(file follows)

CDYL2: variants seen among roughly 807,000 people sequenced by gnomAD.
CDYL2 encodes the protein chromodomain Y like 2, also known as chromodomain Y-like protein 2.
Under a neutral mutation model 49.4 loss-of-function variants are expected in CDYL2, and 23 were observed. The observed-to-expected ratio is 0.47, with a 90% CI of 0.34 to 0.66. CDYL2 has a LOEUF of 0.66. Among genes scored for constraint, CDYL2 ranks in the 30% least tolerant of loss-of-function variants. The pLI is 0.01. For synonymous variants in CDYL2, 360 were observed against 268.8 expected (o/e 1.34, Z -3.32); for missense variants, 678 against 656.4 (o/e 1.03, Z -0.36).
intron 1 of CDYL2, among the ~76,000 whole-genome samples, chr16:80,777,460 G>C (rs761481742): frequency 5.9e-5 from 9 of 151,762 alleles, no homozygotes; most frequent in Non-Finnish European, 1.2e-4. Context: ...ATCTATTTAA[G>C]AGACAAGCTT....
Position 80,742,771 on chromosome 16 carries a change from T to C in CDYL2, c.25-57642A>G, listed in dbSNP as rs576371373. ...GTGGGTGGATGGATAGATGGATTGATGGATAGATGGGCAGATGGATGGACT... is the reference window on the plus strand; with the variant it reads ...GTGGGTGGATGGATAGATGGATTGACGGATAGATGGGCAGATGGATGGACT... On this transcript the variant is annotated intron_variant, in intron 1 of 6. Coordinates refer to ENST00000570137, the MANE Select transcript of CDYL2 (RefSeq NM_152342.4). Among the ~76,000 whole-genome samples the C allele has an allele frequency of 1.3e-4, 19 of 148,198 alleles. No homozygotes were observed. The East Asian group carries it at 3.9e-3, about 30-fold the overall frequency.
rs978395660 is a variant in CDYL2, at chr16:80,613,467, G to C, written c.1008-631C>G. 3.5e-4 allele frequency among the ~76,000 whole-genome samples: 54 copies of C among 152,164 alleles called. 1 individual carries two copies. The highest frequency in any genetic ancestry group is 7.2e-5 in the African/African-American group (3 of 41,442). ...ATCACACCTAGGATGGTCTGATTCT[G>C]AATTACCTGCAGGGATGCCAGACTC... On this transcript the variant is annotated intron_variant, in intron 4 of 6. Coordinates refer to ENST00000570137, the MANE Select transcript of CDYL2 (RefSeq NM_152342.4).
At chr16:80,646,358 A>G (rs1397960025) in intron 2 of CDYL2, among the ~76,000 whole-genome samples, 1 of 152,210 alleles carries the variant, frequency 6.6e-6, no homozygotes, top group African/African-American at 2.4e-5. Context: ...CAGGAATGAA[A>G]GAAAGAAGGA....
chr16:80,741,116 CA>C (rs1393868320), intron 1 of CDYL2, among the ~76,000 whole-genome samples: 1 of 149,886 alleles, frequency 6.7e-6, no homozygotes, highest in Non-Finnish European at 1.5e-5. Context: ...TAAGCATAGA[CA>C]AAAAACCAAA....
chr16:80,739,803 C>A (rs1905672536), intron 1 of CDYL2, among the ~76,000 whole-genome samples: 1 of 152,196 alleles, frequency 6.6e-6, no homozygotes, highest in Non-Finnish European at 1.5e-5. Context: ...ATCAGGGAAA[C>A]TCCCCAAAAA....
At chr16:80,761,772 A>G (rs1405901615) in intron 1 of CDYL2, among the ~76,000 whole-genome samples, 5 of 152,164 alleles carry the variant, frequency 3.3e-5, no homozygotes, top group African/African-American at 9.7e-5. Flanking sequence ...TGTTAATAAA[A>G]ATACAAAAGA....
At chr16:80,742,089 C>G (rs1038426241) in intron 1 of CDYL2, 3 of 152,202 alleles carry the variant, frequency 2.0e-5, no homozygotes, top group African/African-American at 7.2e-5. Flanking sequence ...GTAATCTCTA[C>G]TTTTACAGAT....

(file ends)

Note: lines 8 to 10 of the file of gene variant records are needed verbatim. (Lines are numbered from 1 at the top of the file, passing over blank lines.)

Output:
chr16:80,741,116 CA>C (rs1393868320), intron 1 of CDYL2, among the ~76,000 whole-genome samples: 1 of 149,886 alleles, frequency 6.7e-6, no homozygotes, highest in Non-Finnish European at 1.5e-5. Context: ...TAAGCATAGA[CA>C]AAAAACCAAA....
chr16:80,739,803 C>A (rs1905672536), intron 1 of CDYL2, among the ~76,000 whole-genome samples: 1 of 152,196 alleles, frequency 6.6e-6, no homozygotes, highest in Non-Finnish European at 1.5e-5. Context: ...ATCAGGGAAA[C>A]TCCCCAAAAA....
At chr16:80,761,772 A>G (rs1405901615) in intron 1 of CDYL2, among the ~76,000 whole-genome samples, 5 of 152,164 alleles carry the variant, frequency 3.3e-5, no homozygotes, top group African/African-American at 9.7e-5. Flanking sequence ...TGTTAATAAA[A>G]ATACAAAAGA....